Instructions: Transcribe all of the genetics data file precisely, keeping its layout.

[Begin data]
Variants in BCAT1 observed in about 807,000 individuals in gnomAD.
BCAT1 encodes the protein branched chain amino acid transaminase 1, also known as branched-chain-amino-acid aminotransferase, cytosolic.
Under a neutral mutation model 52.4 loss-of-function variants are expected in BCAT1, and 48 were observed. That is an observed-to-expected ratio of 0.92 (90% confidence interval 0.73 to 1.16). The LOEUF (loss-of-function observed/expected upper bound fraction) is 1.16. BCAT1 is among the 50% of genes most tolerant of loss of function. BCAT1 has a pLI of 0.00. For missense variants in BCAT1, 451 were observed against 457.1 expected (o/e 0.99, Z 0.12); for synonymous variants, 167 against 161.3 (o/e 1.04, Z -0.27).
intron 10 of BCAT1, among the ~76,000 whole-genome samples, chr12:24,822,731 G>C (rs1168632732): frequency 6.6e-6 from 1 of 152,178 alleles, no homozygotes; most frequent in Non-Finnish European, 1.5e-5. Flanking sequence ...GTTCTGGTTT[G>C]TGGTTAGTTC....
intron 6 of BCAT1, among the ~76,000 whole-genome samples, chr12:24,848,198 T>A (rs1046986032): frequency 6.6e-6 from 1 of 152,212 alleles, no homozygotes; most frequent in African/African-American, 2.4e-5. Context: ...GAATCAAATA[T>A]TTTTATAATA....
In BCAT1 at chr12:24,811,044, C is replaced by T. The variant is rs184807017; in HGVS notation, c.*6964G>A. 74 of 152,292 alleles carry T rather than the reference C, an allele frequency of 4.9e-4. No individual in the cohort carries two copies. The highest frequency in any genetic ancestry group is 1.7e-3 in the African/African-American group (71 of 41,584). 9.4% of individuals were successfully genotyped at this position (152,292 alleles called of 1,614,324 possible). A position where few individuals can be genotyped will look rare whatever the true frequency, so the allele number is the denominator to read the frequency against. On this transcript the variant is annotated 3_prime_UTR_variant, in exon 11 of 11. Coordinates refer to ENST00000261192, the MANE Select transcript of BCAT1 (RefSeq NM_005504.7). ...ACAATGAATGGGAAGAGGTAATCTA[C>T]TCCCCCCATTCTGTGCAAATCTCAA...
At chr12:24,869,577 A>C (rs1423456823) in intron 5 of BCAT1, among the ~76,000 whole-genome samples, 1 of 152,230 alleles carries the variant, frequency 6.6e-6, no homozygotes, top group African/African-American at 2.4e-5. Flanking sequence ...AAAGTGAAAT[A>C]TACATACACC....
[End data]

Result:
Variants in BCAT1 observed in about 807,000 individuals in gnomAD.
BCAT1 encodes the protein branched chain amino acid transaminase 1, also known as branched-chain-amino-acid aminotransferase, cytosolic.
Under a neutral mutation model 52.4 loss-of-function variants are expected in BCAT1, and 48 were observed. That is an observed-to-expected ratio of 0.92 (90% confidence interval 0.73 to 1.16). The LOEUF (loss-of-function observed/expected upper bound fraction) is 1.16. BCAT1 is among the 50% of genes most tolerant of loss of function. BCAT1 has a pLI of 0.00. For missense variants in BCAT1, 451 were observed against 457.1 expected (o/e 0.99, Z 0.12); for synonymous variants, 167 against 161.3 (o/e 1.04, Z -0.27).
intron 10 of BCAT1, among the ~76,000 whole-genome samples, chr12:24,822,731 G>C (rs1168632732): frequency 6.6e-6 from 1 of 152,178 alleles, no homozygotes; most frequent in Non-Finnish European, 1.5e-5. Flanking sequence ...GTTCTGGTTT[G>C]TGGTTAGTTC....
intron 6 of BCAT1, among the ~76,000 whole-genome samples, chr12:24,848,198 T>A (rs1046986032): frequency 6.6e-6 from 1 of 152,212 alleles, no homozygotes; most frequent in African/African-American, 2.4e-5. Context: ...GAATCAAATA[T>A]TTTTATAATA....
In BCAT1 at chr12:24,811,044, C is replaced by T. The variant is rs184807017; in HGVS notation, c.*6964G>A. 74 of 152,292 alleles carry T rather than the reference C, an allele frequency of 4.9e-4. No individual in the cohort carries two copies. The highest frequency in any genetic ancestry group is 1.7e-3 in the African/African-American group (71 of 41,584). 9.4% of individuals were successfully genotyped at this position (152,292 alleles called of 1,614,324 possible). A position where few individuals can be genotyped will look rare whatever the true frequency, so the allele number is the denominator to read the frequency against. On this transcript the variant is annotated 3_prime_UTR_variant, in exon 11 of 11. Coordinates refer to ENST00000261192, the MANE Select transcript of BCAT1 (RefSeq NM_005504.7). ...ACAATGAATGGGAAGAGGTAATCTA[C>T]TCCCCCCATTCTGTGCAAATCTCAA...
At chr12:24,869,577 A>C (rs1423456823) in intron 5 of BCAT1, among the ~76,000 whole-genome samples, 1 of 152,230 alleles carries the variant, frequency 6.6e-6, no homozygotes, top group African/African-American at 2.4e-5. Flanking sequence ...AAAGTGAAAT[A>C]TACATACACC....